A Green Light for Transgenes

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Science  01 Feb 2002:
Vol. 295, Issue 5556, pp. 761
DOI: 10.1126/science.295.5556.761j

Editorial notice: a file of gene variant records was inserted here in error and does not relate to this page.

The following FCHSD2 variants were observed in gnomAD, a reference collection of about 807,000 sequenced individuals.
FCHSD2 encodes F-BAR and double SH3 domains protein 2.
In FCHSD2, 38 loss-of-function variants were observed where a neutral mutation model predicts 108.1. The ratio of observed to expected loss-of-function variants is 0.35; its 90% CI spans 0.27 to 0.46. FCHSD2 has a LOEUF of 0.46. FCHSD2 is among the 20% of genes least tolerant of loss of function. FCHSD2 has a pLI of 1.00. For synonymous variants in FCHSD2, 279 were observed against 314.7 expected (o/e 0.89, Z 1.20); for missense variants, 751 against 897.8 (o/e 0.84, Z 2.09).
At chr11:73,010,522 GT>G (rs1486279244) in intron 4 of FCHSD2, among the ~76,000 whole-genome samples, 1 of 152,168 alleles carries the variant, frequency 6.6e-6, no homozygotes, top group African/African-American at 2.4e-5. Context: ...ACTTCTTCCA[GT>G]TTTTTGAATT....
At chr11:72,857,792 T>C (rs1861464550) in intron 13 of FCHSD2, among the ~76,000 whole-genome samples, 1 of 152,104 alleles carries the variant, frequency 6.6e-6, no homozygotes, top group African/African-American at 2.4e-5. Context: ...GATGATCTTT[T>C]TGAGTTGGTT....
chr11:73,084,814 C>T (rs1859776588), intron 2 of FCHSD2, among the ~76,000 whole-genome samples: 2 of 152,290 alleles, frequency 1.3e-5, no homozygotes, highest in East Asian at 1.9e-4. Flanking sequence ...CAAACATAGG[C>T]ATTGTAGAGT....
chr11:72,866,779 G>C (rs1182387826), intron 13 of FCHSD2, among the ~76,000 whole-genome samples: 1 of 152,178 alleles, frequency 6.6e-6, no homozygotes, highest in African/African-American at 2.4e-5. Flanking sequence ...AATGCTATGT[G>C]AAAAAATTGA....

Silencing of retroviral sequences during embryonic development is believed to be a developmental safeguard against uncontrolled expansion of these parasites. However, this shut-off of gene expression has represented a major obstacle for scientists trying to create transgenic animals. Lois et al. (p. 868) have shown that transgenic mice and rats can be generated at high frequencies by infection of single-cell embryos with recombinant lentiviral vectors. The transgene (in this case, green fluorescent protein) was expressed at high levels and could be made tissue-specific by coupling it to an appropriate promoter. The transgene was transmitted through the germ line to the next generation. Although it is not proposed that this approach replace other methods, it may be especially useful for quickly and inexpensively developing many transgenic lines and for other species in which pronuclear injection or other methods have not worked.

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